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Figure 9: Quantification of activated microglia and total microglia number per counting area in blast-exposed OHCs. OHCs were fixed at 72 h post-injury and stained with Iba1 (green), PI (red), and DAPI counter stain (blue). Representative confocal images of CA1 region of sham-injured (A) and blasted OHCs (B,C). Sham-injured sections (A) showed ramified, resting microglia (arrows). Low-blast (B) and high-blast (C) OHCs demonstrate increased number of activated, rounded, amoeboid microglia (arrowheads). Scale bars (A–C) 50 μm. (D) Quantification of activated microglia within ROI in CA1 area revealed significantly higher percentage of activated microglia in high-blast OHCs compared to sham controls (**P < 0.01) and compared to low-blast sections (#P < 0.05). (E) Quantification of total number of microglial cells per counting area in CA1 region demonstrated significant decrease in OHCs exposed to low (***P < 0.001) and high blast (***P < 0.001) compared to the sham-injured OHCs. n = 5–9 sections per each experimental group.

Mentions: Live-cell imaging of IB4-labeled microglial cells at 4 and 24 h post-injury reveled that some of the microglial cells were co-labeled with PI implying blast-evoked microglial death (Figure 8). In addition, while the majority of the IB4-labeled microglial cells in the sham OHCs appeared as ramified – resting microglia, microglial cells in low- and high-blasted OHCs possessed mainly rounded morphology pertinent to their activation (Figure 8). Activation of microglial cells following blast exposure was also confirmed in Iba1 immunostained OHCs at 72 h post-injury (Figure 9). Quantification of Iba1 immunostained, activated microglial cells at 72 h post-injury in the CA1 ROI indicated that 57 ± 5% of microglial cells in the high-blast group were activated, which was significantly higher than 30 ± 4% of activated microglial cells in sham controls (P < 0.01; Figure 9). At the same time point, 36 ± 7% of microglial cells were activated in the low-blast group, which was also significantly different compared to the high-blast group (P < 0.05; Figure 9). The low-blast group demonstrated a trend toward increased percentage of activated microglial cells compared to the sham-injured OHCs (36 ± 7 vs. 30 ± 4%), although this difference did not reach statistical significance (Figure 9). Compared to the earlier time points following blast exposure, at 72 h post-injury a smaller number of microglial cells co-localized with the PI staining (Figures 8 and 9). However, at 72 h post-injury the total number of microglial cells per counting area in low- (P < 0.001) and high-blasted (P < 0.001) OHCs was significantly smaller compared to the sham-injured OHCs (Figure 9).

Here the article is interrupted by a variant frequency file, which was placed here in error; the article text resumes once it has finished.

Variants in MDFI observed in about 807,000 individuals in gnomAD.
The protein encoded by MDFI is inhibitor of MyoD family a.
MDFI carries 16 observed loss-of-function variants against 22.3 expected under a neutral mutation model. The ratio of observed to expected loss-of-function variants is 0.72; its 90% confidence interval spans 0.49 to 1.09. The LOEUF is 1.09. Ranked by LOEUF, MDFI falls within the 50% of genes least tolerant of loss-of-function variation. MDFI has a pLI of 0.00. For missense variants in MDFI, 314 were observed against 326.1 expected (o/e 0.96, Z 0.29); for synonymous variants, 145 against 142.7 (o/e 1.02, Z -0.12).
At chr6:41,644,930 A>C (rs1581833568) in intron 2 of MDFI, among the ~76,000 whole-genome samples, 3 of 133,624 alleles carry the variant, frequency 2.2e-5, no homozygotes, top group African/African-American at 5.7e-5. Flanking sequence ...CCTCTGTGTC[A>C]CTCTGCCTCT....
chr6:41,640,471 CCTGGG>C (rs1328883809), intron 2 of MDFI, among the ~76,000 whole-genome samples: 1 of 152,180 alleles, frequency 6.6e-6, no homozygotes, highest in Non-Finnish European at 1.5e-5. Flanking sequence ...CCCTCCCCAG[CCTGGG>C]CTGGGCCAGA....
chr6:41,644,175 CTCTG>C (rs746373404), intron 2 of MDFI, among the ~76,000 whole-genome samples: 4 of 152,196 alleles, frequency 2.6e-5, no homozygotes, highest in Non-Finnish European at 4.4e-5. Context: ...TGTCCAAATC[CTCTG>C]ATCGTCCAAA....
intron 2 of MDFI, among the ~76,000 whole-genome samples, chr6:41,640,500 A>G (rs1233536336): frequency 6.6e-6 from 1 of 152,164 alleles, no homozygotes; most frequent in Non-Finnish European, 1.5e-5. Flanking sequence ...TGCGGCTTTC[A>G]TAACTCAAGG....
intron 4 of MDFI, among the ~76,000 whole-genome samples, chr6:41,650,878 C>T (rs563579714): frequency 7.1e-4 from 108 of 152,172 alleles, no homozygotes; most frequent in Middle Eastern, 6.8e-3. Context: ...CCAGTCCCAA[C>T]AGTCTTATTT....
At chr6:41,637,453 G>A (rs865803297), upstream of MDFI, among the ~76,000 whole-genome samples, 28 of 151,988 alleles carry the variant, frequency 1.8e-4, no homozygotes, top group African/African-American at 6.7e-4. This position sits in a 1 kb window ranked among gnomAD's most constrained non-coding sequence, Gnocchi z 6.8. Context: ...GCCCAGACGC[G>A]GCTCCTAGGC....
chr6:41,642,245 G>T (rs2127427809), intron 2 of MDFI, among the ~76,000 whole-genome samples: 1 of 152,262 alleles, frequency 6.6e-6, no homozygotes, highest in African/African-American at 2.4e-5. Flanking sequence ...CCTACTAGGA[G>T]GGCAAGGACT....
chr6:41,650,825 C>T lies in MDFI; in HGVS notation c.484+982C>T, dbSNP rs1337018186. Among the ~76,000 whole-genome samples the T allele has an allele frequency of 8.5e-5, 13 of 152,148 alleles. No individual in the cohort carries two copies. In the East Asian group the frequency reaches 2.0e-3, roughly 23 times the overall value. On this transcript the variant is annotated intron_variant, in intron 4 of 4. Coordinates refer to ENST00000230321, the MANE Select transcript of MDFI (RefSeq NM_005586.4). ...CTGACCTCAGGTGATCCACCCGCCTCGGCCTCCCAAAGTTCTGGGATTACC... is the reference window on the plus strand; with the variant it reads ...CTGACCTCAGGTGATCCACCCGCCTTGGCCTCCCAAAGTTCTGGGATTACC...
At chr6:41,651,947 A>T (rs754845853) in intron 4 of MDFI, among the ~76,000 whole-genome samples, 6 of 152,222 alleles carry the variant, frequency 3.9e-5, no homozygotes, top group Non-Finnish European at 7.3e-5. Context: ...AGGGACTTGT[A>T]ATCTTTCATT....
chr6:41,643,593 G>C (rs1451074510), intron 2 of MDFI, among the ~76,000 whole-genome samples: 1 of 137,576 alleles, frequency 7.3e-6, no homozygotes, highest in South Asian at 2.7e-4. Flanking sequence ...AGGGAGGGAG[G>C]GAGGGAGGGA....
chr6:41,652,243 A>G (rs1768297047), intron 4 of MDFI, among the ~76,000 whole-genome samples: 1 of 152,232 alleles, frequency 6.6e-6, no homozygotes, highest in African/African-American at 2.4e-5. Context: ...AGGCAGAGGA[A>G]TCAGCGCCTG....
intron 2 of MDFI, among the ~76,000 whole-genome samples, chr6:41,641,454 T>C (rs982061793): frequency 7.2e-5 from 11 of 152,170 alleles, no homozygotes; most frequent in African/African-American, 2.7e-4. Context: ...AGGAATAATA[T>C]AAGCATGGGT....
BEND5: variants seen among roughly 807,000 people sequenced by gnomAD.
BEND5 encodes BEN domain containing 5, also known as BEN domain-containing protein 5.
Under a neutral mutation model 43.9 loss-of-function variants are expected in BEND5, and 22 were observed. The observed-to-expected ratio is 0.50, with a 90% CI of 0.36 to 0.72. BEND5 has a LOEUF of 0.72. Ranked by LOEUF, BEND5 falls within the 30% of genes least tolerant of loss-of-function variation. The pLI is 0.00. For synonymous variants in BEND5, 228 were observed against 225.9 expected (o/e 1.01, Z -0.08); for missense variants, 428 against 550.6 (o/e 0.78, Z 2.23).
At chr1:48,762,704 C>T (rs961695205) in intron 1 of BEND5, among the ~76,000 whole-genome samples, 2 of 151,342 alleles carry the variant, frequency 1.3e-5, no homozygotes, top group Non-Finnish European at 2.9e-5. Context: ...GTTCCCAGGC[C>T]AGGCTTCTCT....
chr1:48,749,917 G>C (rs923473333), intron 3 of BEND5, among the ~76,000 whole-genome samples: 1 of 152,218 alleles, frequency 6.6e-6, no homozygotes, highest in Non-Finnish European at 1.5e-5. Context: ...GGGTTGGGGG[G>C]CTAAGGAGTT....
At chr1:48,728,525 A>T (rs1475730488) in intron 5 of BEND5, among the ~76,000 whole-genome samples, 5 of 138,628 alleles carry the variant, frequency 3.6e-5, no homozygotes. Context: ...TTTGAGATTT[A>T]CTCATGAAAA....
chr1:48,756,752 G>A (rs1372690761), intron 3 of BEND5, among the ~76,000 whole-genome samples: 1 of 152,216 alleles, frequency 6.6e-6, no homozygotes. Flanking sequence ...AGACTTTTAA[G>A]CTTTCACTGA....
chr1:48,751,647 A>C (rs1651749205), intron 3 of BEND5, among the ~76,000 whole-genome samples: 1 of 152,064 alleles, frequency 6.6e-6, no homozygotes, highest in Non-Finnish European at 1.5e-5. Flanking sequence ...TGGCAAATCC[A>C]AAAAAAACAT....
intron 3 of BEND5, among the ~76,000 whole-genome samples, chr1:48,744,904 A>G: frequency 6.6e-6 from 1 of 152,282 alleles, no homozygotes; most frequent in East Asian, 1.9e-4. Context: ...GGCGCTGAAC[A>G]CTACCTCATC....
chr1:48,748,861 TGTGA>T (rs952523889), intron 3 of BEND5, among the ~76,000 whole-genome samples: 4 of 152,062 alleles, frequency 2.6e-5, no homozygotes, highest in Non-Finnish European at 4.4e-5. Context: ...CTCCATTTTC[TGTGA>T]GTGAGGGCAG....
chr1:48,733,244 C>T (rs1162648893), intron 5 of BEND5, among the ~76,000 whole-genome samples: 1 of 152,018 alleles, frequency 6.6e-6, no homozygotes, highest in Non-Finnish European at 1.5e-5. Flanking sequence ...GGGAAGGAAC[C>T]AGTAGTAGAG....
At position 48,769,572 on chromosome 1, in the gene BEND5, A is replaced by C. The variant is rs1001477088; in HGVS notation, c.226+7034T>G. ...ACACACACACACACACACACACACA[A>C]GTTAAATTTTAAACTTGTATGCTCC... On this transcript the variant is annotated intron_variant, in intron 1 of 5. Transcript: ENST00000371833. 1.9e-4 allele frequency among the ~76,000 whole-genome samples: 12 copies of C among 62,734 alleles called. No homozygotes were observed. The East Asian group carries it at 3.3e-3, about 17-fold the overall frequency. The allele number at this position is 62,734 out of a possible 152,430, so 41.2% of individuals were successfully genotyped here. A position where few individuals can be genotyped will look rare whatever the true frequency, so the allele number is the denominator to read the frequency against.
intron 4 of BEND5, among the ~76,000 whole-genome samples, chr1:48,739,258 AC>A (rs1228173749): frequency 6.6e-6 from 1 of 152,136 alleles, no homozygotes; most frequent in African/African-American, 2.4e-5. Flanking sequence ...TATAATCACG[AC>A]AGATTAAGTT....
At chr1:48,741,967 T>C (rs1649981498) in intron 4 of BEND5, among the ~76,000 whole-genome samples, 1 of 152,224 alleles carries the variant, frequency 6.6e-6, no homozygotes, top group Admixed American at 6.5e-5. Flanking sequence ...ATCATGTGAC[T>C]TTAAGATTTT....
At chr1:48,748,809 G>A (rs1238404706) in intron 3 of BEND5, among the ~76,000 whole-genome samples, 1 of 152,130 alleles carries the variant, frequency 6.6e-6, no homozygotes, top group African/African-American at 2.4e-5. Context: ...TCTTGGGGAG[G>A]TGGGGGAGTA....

Effects of blast overpressure on neurons and glial cells in rat organotypic hippocampal slice cultures.

Miller AP, Shah AS, Aperi BV, Budde MD, Pintar FA, Tarima S, Kurpad SN, Stemper BD, Glavaski-Joksimovic A - Front Neurol (2015)

Quantification of activated microglia and total microglia number per counting area in blast-exposed OHCs. OHCs were fixed at 72 h post-injury and stained with Iba1 (green), PI (red), and DAPI counter stain (blue). Representative confocal images of CA1 region of sham-injured (A) and blasted OHCs (B,C). Sham-injured sections (A) showed ramified, resting microglia (arrows). Low-blast (B) and high-blast (C) OHCs demonstrate increased number of activated, rounded, amoeboid microglia (arrowheads). Scale bars (A–C) 50 μm. (D) Quantification of activated microglia within ROI in CA1 area revealed significantly higher percentage of activated microglia in high-blast OHCs compared to sham controls (**P < 0.01) and compared to low-blast sections (#P < 0.05). (E) Quantification of total number of microglial cells per counting area in CA1 region demonstrated significant decrease in OHCs exposed to low (***P < 0.001) and high blast (***P < 0.001) compared to the sham-injured OHCs. n = 5–9 sections per each experimental group.
© Copyright Policy - open-access
Related In: Results  -  Collection

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Show All Figures
getmorefigures.php?uid=PMC4325926&req=5